Monday, July 26, 2010

La Réserve Rimbaud

I have seen the future of fine dining in France.

We always head out to a good restaurant on our wedding anniversary. For years, we went to the now-defunct Café Henry Burger. Caught up in a government expenses scandal back in 2003 (plus tougher competition), it closed in 2006 after 83 years in business. (No politician or bureaucrat would be caught dead in there after the scandal broke.) In recent years, our celebratory dinner has switched to Beckta’s, the most consistently good restaurant in town.

This year, though, we’re in Montpellier for our anniversary. A little research and I come up with a newly-Michelin-starred restaurant right in Montpellier, about a 15-minute walk from our apartment: La Réserve Rimbaud.

La Réserve Rimbaud is one of the oldest restaurants in Montpellier, opening in 1835 as the L’Auberge du Père Louis. Titus Rimbaud renamed it when he took it over in 1875. And the restaurant’s façade looks about 175 years old too, but don’t let that fool you. They've thoroughly modernized the interior. It overlooks the river Lez, with a spectacular outdoor terrace, perfect for summer dining. It’s close to downtown but tucked away in a quiet residential area. The opposite side of the river remains forested, so it’s like being out in the countryside, far from the madding crowd. A swan patrols up and down the river, waiting for diners to toss chunks of bread from the terrace. Later in the evening, the swan has gone to bed. Then fish take their turn to vie for the bread chunks. To them, it’s manna from above.

The chef, Charles Fontes, who took over several years ago, takes pride in using local produce and traditional approaches with an innovative twist.

We start with an aperitif of Picpoul de Pinet. Crisp acidity with lemon-lime flavours, it’s a perfect start on a more-than-warm summer evening.

For appetizers, Michèle picks the Coquettes de volailles du Lez truffées, a specialty of the restaurant for over a century. Crispy on the outside, velvety smooth on the inside, they’re delicious. Michèle is crazy for truffles so it’s perfect. The restaurant’s sommelier matches it with a local rosé.

I take the foie gras poêlé, avec raviolis de cerises, with a glass of Muscat de Frontignan, a Vin Doux Naturel (fortified sweet wine). Just the right amount of acidity to match the fat of the foie gras, without any cloying sweetness on a warm night.

For the main course, Michèle selects the Filet de Saint-Pierre vapeur, condiment d’olives Lucques au citron confit, asperges et parmesan (John Dory, steamed, with a condiment made of Lucques olives and lemon confit, asparagus and parmesan). The fish is fresh and perfectly cooked, crispy on the outside.

My choice is Peche du jour rôtie en bouillabaisse, pommes de terre, rouille de seiche et fenouil (Bouillabaisse made with roasted, freshly-caught fish, potatoes, and a rouille with cuttlefish – like squid – and fennel.) My bouillabaisse is delicious, with pieces of roasted John Dory, turbot, and bream, but a bit rich even for me (I have the proverbial cast-iron stomach).

[Apologies, I got so caught up in the romance of the evening, I forgot to take photos of the mains and the desserts!]

The sommelier and I come up with a matching wine: Domaine de Montcalmès Blanc 2007, AC Coteaux de Languedoc, 13.5% ABV. Half Marsanne and half Roussanne, two local white varietals, also common in Northern Rhone. It’s from a relatively new winery, releasing their first wine in 1999, but already with a good reputation. Aromas of pear, quince, golden delicious apple, almond, wax, white flowers, and minerality. Flavours of pear and apple on the palate, with minerality, then a bitter almond taste at the finish. Medium acidity, it has a round mouthfeel, but with acidity biting at the back. I love it; it’s so different from Chardonnay or Sauvignon Blanc. Great match with the main courses.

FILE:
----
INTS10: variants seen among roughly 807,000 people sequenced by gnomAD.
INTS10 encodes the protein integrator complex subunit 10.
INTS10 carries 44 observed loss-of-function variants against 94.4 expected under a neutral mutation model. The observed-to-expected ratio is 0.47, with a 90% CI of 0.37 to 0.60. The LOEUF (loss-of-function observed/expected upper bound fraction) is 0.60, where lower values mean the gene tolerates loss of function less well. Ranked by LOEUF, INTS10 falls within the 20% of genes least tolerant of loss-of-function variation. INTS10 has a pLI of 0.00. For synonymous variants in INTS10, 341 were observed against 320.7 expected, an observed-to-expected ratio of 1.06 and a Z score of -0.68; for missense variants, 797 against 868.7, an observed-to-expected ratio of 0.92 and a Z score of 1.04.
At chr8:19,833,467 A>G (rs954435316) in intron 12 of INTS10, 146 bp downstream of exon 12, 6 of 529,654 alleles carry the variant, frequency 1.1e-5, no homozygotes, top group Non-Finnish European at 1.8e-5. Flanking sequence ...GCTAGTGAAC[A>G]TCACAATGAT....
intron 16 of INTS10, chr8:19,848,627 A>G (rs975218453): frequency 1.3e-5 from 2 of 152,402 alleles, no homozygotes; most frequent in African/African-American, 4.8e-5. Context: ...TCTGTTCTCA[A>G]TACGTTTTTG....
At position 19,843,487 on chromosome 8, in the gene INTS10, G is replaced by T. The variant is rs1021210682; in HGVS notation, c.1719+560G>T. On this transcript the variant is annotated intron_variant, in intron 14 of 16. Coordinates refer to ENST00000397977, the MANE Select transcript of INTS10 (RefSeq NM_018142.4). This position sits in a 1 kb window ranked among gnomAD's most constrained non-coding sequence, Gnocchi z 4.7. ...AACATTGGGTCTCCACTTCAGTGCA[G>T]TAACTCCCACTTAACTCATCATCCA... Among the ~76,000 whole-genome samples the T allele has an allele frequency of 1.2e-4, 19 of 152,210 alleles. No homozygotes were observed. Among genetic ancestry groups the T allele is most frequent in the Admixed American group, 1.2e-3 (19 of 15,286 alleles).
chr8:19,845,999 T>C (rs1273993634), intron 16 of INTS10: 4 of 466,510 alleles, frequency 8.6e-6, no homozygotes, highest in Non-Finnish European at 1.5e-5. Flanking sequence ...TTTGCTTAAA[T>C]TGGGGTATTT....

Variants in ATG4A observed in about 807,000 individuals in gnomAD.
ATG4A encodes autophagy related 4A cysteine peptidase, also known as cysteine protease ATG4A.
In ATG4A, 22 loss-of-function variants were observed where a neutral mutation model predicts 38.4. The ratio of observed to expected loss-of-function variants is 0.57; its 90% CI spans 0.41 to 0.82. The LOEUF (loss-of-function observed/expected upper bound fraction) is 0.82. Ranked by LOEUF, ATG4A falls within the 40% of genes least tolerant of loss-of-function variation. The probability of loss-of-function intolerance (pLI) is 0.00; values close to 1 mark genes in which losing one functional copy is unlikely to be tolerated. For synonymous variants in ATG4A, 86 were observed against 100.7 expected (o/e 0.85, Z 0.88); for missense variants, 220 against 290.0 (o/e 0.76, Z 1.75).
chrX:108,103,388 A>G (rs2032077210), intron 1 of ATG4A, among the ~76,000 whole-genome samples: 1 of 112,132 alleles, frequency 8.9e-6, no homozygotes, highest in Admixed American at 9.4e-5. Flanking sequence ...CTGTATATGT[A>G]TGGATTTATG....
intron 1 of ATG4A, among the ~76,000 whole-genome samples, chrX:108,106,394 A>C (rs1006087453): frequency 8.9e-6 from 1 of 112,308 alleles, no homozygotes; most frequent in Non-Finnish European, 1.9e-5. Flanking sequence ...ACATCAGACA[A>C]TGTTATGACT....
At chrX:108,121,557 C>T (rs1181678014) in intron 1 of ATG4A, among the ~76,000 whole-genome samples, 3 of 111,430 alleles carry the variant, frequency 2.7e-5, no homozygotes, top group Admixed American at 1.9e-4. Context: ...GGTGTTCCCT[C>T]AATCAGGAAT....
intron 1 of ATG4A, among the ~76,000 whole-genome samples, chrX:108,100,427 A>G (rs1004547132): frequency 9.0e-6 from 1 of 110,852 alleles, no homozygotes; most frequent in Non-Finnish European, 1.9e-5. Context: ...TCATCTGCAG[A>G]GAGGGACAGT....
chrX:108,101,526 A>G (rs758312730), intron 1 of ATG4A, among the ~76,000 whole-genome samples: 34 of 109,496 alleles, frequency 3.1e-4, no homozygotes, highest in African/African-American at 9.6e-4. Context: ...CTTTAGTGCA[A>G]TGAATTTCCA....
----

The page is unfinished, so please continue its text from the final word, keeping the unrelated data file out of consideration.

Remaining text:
And the capsule logo adds to the romance of the evening for Michèle and me!

Dessert? Bien sûr! For me, Fraises Ciflorette, Chantilly mascarpone, meringues, et sorbet fraise. For Michèle, it’s Baba au vieux Rhum, chantilly vanillée.

Why is this the future of fine dining in France? Many young chefs in France have returned to the fundamentals of fine dining: great food defined by local ingredients and traditions, prepared well. They’ve turned their backs on opulent décor, over-the-top extras like pre-desserts, and snooty servers. The service is warm, knowledgeable, and conscientious. You eat well, not too much, in an enjoyably relaxed atmosphere.

But here’s the kicker: for a restaurant of this calibre, they price it all so reasonably. All appetizers priced at 15 euros, main courses all at 28 euros, and desserts all at 10 euros. Take all three and the total comes to 49 euros (about CAD65). For a Michelin-starred restaurant, this is a bargain. Even more pricing innovation on the wine list. Rimbaud groups their wines – mostly from Languedoc-Roussillon – by price (a no-no according to my sommelier training). There’s a full page of wines, all at exactly 20 euros. Next, a full page of wines at exactly 30 euros…then another page at 40 euros…then another page at 50 euros, and finally, a short list of other wines over 50 euros. It’s all very client-friendly and what’s wrong with that?

Going to the south of France? Get yourself to Montpellier and an evening out at La Réserve Rimbaud. Reservations a must.

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  1. Would have dined here if we went to Montpellier more than once back in the spring, but will certainly make a note to go in the autumn.
    White Montcalmes is quite rare. Sounds like you had a wine tasting with the menu rather than ordering bottle(s)?

  2. We ordered by the glass for the aperitif and the appetizers, then the bottle of Montcalmès Blanc with the main course.